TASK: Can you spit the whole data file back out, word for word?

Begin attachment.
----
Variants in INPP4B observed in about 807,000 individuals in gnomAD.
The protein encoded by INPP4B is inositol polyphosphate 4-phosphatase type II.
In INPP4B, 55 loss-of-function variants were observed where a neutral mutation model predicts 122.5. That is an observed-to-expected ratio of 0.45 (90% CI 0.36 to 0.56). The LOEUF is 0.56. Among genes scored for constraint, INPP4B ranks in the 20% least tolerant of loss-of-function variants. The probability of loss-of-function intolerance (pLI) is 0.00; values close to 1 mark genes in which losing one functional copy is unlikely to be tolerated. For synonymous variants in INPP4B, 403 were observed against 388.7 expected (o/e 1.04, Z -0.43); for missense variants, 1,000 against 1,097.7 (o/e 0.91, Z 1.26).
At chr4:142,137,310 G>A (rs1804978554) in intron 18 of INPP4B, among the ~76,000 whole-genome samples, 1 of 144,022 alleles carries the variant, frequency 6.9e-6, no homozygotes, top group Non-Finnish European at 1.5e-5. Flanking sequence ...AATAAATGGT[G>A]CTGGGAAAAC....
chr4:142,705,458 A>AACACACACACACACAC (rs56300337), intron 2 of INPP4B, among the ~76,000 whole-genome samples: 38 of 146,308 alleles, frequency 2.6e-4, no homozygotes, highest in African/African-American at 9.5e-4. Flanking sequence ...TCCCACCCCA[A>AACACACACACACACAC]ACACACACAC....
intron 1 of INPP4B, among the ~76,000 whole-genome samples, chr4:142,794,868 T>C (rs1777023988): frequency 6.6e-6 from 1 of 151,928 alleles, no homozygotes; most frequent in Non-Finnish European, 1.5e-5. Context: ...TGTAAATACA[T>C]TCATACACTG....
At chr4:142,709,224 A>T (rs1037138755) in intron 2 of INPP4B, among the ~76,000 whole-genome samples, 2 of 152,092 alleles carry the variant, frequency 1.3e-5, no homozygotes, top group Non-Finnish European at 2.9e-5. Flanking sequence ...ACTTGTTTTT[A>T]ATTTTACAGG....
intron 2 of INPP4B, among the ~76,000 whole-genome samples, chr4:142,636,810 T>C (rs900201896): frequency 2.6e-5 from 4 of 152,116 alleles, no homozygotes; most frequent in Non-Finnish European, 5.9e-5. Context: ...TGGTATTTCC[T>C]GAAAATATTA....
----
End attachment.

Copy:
Variants in INPP4B observed in about 807,000 individuals in gnomAD.
The protein encoded by INPP4B is inositol polyphosphate 4-phosphatase type II.
In INPP4B, 55 loss-of-function variants were observed where a neutral mutation model predicts 122.5. That is an observed-to-expected ratio of 0.45 (90% CI 0.36 to 0.56). The LOEUF is 0.56. Among genes scored for constraint, INPP4B ranks in the 20% least tolerant of loss-of-function variants. The probability of loss-of-function intolerance (pLI) is 0.00; values close to 1 mark genes in which losing one functional copy is unlikely to be tolerated. For synonymous variants in INPP4B, 403 were observed against 388.7 expected (o/e 1.04, Z -0.43); for missense variants, 1,000 against 1,097.7 (o/e 0.91, Z 1.26).
At chr4:142,137,310 G>A (rs1804978554) in intron 18 of INPP4B, among the ~76,000 whole-genome samples, 1 of 144,022 alleles carries the variant, frequency 6.9e-6, no homozygotes, top group Non-Finnish European at 1.5e-5. Flanking sequence ...AATAAATGGT[G>A]CTGGGAAAAC....
chr4:142,705,458 A>AACACACACACACACAC (rs56300337), intron 2 of INPP4B, among the ~76,000 whole-genome samples: 38 of 146,308 alleles, frequency 2.6e-4, no homozygotes, highest in African/African-American at 9.5e-4. Flanking sequence ...TCCCACCCCA[A>AACACACACACACACAC]ACACACACAC....
intron 1 of INPP4B, among the ~76,000 whole-genome samples, chr4:142,794,868 T>C (rs1777023988): frequency 6.6e-6 from 1 of 151,928 alleles, no homozygotes; most frequent in Non-Finnish European, 1.5e-5. Context: ...TGTAAATACA[T>C]TCATACACTG....
At chr4:142,709,224 A>T (rs1037138755) in intron 2 of INPP4B, among the ~76,000 whole-genome samples, 2 of 152,092 alleles carry the variant, frequency 1.3e-5, no homozygotes, top group Non-Finnish European at 2.9e-5. Flanking sequence ...ACTTGTTTTT[A>T]ATTTTACAGG....
intron 2 of INPP4B, among the ~76,000 whole-genome samples, chr4:142,636,810 T>C (rs900201896): frequency 2.6e-5 from 4 of 152,116 alleles, no homozygotes; most frequent in Non-Finnish European, 5.9e-5. Context: ...TGGTATTTCC[T>C]GAAAATATTA....